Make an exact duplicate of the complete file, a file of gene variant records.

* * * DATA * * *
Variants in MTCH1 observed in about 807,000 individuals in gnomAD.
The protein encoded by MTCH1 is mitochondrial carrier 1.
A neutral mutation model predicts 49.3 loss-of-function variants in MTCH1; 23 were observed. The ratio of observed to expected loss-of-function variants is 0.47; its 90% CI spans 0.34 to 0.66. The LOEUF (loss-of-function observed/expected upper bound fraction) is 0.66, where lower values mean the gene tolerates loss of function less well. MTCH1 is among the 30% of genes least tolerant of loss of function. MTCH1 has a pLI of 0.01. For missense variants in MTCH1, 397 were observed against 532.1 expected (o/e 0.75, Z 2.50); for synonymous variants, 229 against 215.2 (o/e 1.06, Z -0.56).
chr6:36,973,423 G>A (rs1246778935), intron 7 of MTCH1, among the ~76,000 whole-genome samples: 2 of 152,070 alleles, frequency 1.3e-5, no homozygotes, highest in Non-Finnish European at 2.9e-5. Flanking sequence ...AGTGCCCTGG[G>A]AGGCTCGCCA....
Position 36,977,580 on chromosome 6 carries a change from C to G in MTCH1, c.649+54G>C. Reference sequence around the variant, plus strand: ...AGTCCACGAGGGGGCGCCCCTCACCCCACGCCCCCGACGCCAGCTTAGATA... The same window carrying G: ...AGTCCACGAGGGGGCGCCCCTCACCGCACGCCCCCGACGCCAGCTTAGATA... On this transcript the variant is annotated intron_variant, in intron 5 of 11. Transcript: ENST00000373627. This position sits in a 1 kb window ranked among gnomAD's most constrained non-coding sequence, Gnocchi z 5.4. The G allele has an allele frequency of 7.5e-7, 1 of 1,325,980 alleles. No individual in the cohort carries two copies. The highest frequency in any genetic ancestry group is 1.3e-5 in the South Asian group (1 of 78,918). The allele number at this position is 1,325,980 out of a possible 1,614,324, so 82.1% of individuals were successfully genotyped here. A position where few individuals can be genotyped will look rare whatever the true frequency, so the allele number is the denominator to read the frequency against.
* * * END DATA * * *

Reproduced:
Variants in MTCH1 observed in about 807,000 individuals in gnomAD.
The protein encoded by MTCH1 is mitochondrial carrier 1.
A neutral mutation model predicts 49.3 loss-of-function variants in MTCH1; 23 were observed. The ratio of observed to expected loss-of-function variants is 0.47; its 90% CI spans 0.34 to 0.66. The LOEUF (loss-of-function observed/expected upper bound fraction) is 0.66, where lower values mean the gene tolerates loss of function less well. MTCH1 is among the 30% of genes least tolerant of loss of function. MTCH1 has a pLI of 0.01. For missense variants in MTCH1, 397 were observed against 532.1 expected (o/e 0.75, Z 2.50); for synonymous variants, 229 against 215.2 (o/e 1.06, Z -0.56).
chr6:36,973,423 G>A (rs1246778935), intron 7 of MTCH1, among the ~76,000 whole-genome samples: 2 of 152,070 alleles, frequency 1.3e-5, no homozygotes, highest in Non-Finnish European at 2.9e-5. Flanking sequence ...AGTGCCCTGG[G>A]AGGCTCGCCA....
Position 36,977,580 on chromosome 6 carries a change from C to G in MTCH1, c.649+54G>C. Reference sequence around the variant, plus strand: ...AGTCCACGAGGGGGCGCCCCTCACCCCACGCCCCCGACGCCAGCTTAGATA... The same window carrying G: ...AGTCCACGAGGGGGCGCCCCTCACCGCACGCCCCCGACGCCAGCTTAGATA... On this transcript the variant is annotated intron_variant, in intron 5 of 11. Transcript: ENST00000373627. This position sits in a 1 kb window ranked among gnomAD's most constrained non-coding sequence, Gnocchi z 5.4. The G allele has an allele frequency of 7.5e-7, 1 of 1,325,980 alleles. No individual in the cohort carries two copies. The highest frequency in any genetic ancestry group is 1.3e-5 in the South Asian group (1 of 78,918). The allele number at this position is 1,325,980 out of a possible 1,614,324, so 82.1% of individuals were successfully genotyped here. A position where few individuals can be genotyped will look rare whatever the true frequency, so the allele number is the denominator to read the frequency against.